To achieve the best benefits for children with special needs like autism, outdoor play should be structured, observed, and consistent. Structure gives the child a sense of safety and order; observation allows parents and teachers to gain insight; and consistency provides sufficient time for kids to develop and grow. While a child may not be comfortable enough to show observable changes through months of outdoor play, in his or her own time table, that can change.
About the author:
David Reeves is Marketing Manager of Playland Inc. (http://www.playland-inc.com/) in Carrollton, GA. Playland Inc., is a total solutions manufacturer and supplier to many industries, with its roots deep in the park and playground markets including churches, schools, and day care centers. It has developed into the only company in its field to offer direct to all of its customers, the ability to purchase outdoor playgrounds, shelters, shade, indoor playgrounds, water slides and site amenities. Connect with SII on LinkedIn or Facebook.
Sunday, November 17, 2013
The Organized Classroom Blog. You will find me there blogging about my stackable organization. My office has been a complete disaster of boxes. I finally decided to begin the organization process.
Here is my office prior to the beginning of Operation Organization:
Here is my office prior to the beginning of Operation Organization:
My room is slowly getting better and has progressed to this:
See the stacked crates on the wall in the 2nd picture? I have started filing away all the lesson activities I have copied and prepared. See how I am doing that in my post at The Organized Classroom Blog by clicking HERE.
I would love to hear how you organize all your activities and things? Do you have supplies at home or are they all at school?
Saturday, November 2, 2013
Not to mention that this one contains pins for yummy foods, and I cannot wait to see what everyone links to. I love finding new recipes, especially for things to take to get-togethers.
Listening - My hubby and I have a normal Saturday and Sunday morning routine. He gets up with the dogs to take them out. One of the dogs comes back to bed with me, and we sleep in. My hubby and the other dog stay downstairs, the dog that stays with him plays and then takes a nap, and my hubby plays video games. Once I get up, I do some work, while he plays. So, here I am "working" and he is playing a game.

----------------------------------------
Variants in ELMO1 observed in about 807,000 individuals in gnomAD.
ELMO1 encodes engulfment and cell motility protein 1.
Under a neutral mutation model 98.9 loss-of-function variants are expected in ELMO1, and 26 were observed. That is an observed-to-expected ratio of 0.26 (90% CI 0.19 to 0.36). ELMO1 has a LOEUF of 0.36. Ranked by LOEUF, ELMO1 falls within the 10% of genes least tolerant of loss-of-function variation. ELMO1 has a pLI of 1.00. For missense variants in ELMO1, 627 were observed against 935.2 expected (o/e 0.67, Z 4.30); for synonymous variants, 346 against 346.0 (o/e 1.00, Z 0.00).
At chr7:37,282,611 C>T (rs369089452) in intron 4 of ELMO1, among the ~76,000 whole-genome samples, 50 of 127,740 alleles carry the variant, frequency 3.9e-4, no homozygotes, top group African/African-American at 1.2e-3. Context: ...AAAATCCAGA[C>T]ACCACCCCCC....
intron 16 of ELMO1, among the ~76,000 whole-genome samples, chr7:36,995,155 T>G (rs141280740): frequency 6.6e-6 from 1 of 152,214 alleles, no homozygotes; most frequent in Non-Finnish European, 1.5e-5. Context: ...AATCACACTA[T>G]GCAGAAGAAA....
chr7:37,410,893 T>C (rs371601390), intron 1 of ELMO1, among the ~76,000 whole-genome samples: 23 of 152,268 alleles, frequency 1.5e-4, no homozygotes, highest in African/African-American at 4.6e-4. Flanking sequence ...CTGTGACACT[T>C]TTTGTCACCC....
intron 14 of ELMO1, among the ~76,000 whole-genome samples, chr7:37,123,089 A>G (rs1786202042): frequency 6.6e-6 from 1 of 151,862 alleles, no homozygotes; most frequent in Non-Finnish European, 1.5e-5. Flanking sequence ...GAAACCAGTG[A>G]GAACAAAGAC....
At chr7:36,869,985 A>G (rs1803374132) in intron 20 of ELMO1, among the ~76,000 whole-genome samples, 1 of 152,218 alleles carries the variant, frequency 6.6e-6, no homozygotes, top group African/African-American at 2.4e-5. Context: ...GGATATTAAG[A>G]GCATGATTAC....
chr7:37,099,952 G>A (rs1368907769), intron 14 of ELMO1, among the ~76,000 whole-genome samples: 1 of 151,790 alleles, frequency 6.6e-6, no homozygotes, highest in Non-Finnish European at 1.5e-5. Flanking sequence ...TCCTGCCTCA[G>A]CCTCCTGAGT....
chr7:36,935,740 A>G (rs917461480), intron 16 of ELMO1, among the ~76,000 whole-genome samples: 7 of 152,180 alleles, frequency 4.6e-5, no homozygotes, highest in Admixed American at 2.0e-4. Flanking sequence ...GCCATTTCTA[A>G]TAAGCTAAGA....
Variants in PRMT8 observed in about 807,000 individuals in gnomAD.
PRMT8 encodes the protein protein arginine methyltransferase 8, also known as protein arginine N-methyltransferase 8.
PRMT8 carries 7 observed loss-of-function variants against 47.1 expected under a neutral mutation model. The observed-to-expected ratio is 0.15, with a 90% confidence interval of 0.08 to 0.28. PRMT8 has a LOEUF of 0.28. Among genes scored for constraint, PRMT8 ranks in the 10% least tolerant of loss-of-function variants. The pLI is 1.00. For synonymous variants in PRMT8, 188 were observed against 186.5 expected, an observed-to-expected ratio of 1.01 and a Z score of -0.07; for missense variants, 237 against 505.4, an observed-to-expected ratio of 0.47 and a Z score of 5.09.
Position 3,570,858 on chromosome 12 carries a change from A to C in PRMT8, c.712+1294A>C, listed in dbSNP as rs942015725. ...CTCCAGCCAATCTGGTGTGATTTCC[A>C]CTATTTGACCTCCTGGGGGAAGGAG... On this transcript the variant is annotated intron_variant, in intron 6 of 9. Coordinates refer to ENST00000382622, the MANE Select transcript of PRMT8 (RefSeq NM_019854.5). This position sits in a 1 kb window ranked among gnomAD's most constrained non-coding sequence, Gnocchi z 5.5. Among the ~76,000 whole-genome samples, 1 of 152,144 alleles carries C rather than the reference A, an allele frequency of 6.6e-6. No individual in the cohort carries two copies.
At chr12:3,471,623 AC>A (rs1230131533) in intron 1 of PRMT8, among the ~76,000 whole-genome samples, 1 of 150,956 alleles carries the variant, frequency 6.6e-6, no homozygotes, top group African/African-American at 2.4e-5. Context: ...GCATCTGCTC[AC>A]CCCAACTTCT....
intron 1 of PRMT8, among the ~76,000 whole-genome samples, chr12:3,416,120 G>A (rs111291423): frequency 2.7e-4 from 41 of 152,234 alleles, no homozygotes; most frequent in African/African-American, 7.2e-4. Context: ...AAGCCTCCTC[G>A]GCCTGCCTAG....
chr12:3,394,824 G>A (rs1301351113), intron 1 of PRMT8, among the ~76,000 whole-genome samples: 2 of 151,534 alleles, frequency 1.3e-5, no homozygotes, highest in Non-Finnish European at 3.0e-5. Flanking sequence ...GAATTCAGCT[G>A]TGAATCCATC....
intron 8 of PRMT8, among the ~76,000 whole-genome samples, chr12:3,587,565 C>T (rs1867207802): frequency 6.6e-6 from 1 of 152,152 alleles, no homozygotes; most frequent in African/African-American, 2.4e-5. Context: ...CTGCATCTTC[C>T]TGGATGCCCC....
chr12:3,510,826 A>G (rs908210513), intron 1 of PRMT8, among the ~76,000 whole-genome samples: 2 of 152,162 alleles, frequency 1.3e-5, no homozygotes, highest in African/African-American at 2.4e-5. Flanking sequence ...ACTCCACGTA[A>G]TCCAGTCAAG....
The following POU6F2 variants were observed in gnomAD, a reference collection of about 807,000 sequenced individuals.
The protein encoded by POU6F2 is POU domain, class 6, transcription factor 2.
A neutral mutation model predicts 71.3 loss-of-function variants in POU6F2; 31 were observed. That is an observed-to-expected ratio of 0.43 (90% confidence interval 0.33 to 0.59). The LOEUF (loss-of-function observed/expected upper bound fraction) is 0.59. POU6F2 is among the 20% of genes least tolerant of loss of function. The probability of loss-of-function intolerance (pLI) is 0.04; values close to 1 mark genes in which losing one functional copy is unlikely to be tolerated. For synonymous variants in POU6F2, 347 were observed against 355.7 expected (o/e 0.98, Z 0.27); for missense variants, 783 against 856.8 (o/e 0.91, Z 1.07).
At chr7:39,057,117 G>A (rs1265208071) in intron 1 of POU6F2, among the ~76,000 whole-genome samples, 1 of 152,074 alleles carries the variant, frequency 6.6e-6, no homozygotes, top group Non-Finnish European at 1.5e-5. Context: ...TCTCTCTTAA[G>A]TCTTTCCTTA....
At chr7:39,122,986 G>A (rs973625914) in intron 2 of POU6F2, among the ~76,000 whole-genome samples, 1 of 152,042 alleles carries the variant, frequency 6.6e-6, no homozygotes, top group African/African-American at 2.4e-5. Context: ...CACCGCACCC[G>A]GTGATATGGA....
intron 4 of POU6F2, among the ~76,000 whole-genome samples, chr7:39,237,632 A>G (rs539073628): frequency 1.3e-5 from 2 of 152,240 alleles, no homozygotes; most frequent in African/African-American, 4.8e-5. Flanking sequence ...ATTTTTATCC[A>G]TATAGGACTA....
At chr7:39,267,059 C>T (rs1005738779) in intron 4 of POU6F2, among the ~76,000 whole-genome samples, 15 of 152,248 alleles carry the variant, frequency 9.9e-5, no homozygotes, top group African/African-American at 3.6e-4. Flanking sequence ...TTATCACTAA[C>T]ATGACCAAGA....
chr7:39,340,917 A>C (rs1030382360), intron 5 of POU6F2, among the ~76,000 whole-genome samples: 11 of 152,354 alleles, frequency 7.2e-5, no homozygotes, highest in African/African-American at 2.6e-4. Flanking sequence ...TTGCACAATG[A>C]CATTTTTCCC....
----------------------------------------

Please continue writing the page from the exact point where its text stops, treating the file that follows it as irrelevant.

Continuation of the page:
Loving - Time for me to admit - I was a band geek in junior high and high school! I couldn't help it... band was a part of me since I was born. My dad was a band director, while I was growing up. The marching band from the small town I grew up in made it to State Competition for the 5th time ever, so I am off to watch them. I get to have lunch with some friends from high school also.
Thinking - I really need to get some blog posts done for Smart Apps for Special Needs and begin lesson planning. There is always tomorrow, right?
Wanting - We decorated our house for Halloween this year, and I loved it. I am not quite ready to decorate for Christmas, so I want to do Fall decorations
Needing - Problem with decorating for Fall is that I don't have any Fall decorations. I need to go buy some.
A Yummy Pin - I have so many that I don't know what I want to choose. I have been pinning a lot of appetizer type pins because we do a sibling Christmas, where all the siblings get together to play games (without any of their kids) that we all bring appetizers to and there is a tradition in my house to have appetizers on Christmas Eve. But, this month is my hubby's birthday, and he loves red velvet cake and he loves cheesecake (actually those are the only 2 types of cake he even likes), so I have found a Red Velvet Cheesecake recipe that looks amazing. The recipe was posted to Key Ingredient.
I am excited to check out the other links over at the link up. If you link up, leave me your post link below, so that I can check yours out!